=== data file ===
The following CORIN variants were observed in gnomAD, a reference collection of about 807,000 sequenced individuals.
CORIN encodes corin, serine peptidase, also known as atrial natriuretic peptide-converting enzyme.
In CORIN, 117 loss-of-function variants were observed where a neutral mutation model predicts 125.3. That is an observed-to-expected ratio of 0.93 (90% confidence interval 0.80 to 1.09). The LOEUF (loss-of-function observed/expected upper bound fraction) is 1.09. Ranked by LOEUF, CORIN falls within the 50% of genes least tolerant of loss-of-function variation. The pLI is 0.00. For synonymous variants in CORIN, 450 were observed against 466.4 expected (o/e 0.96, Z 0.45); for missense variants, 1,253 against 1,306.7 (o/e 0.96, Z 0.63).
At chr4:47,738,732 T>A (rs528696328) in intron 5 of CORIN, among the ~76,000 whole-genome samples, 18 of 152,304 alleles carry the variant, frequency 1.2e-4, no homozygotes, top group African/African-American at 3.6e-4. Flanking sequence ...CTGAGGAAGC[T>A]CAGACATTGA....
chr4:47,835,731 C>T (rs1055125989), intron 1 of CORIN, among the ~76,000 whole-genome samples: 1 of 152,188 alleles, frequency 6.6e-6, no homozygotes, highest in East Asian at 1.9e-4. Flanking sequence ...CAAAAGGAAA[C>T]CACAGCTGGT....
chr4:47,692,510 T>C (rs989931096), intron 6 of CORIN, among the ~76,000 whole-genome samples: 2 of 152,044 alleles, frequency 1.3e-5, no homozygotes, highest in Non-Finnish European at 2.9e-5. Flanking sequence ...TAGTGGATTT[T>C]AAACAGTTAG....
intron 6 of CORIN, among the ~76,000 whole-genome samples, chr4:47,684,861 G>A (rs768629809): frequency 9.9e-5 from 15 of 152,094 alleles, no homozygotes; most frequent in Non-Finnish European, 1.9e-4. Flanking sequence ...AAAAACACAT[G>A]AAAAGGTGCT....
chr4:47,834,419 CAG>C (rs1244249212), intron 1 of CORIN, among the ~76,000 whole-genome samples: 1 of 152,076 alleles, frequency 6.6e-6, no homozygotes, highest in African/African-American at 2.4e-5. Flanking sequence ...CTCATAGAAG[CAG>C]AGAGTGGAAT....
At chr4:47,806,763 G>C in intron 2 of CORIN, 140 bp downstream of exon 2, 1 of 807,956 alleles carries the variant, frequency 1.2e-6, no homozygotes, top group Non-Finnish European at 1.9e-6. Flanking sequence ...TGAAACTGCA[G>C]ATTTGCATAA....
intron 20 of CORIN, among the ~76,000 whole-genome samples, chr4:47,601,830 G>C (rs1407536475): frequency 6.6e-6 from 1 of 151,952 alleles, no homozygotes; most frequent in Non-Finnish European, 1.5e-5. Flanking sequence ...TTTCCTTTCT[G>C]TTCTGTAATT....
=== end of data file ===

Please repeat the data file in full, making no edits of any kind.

The following CORIN variants were observed in gnomAD, a reference collection of about 807,000 sequenced individuals.
CORIN encodes corin, serine peptidase, also known as atrial natriuretic peptide-converting enzyme.
In CORIN, 117 loss-of-function variants were observed where a neutral mutation model predicts 125.3. That is an observed-to-expected ratio of 0.93 (90% confidence interval 0.80 to 1.09). The LOEUF (loss-of-function observed/expected upper bound fraction) is 1.09. Ranked by LOEUF, CORIN falls within the 50% of genes least tolerant of loss-of-function variation. The pLI is 0.00. For synonymous variants in CORIN, 450 were observed against 466.4 expected (o/e 0.96, Z 0.45); for missense variants, 1,253 against 1,306.7 (o/e 0.96, Z 0.63).
At chr4:47,738,732 T>A (rs528696328) in intron 5 of CORIN, among the ~76,000 whole-genome samples, 18 of 152,304 alleles carry the variant, frequency 1.2e-4, no homozygotes, top group African/African-American at 3.6e-4. Flanking sequence ...CTGAGGAAGC[T>A]CAGACATTGA....
chr4:47,835,731 C>T (rs1055125989), intron 1 of CORIN, among the ~76,000 whole-genome samples: 1 of 152,188 alleles, frequency 6.6e-6, no homozygotes, highest in East Asian at 1.9e-4. Flanking sequence ...CAAAAGGAAA[C>T]CACAGCTGGT....
chr4:47,692,510 T>C (rs989931096), intron 6 of CORIN, among the ~76,000 whole-genome samples: 2 of 152,044 alleles, frequency 1.3e-5, no homozygotes, highest in Non-Finnish European at 2.9e-5. Flanking sequence ...TAGTGGATTT[T>C]AAACAGTTAG....
intron 6 of CORIN, among the ~76,000 whole-genome samples, chr4:47,684,861 G>A (rs768629809): frequency 9.9e-5 from 15 of 152,094 alleles, no homozygotes; most frequent in Non-Finnish European, 1.9e-4. Flanking sequence ...AAAAACACAT[G>A]AAAAGGTGCT....
chr4:47,834,419 CAG>C (rs1244249212), intron 1 of CORIN, among the ~76,000 whole-genome samples: 1 of 152,076 alleles, frequency 6.6e-6, no homozygotes, highest in African/African-American at 2.4e-5. Flanking sequence ...CTCATAGAAG[CAG>C]AGAGTGGAAT....
At chr4:47,806,763 G>C in intron 2 of CORIN, 140 bp downstream of exon 2, 1 of 807,956 alleles carries the variant, frequency 1.2e-6, no homozygotes, top group Non-Finnish European at 1.9e-6. Flanking sequence ...TGAAACTGCA[G>C]ATTTGCATAA....
intron 20 of CORIN, among the ~76,000 whole-genome samples, chr4:47,601,830 G>C (rs1407536475): frequency 6.6e-6 from 1 of 151,952 alleles, no homozygotes; most frequent in Non-Finnish European, 1.5e-5. Flanking sequence ...TTTCCTTTCT[G>C]TTCTGTAATT....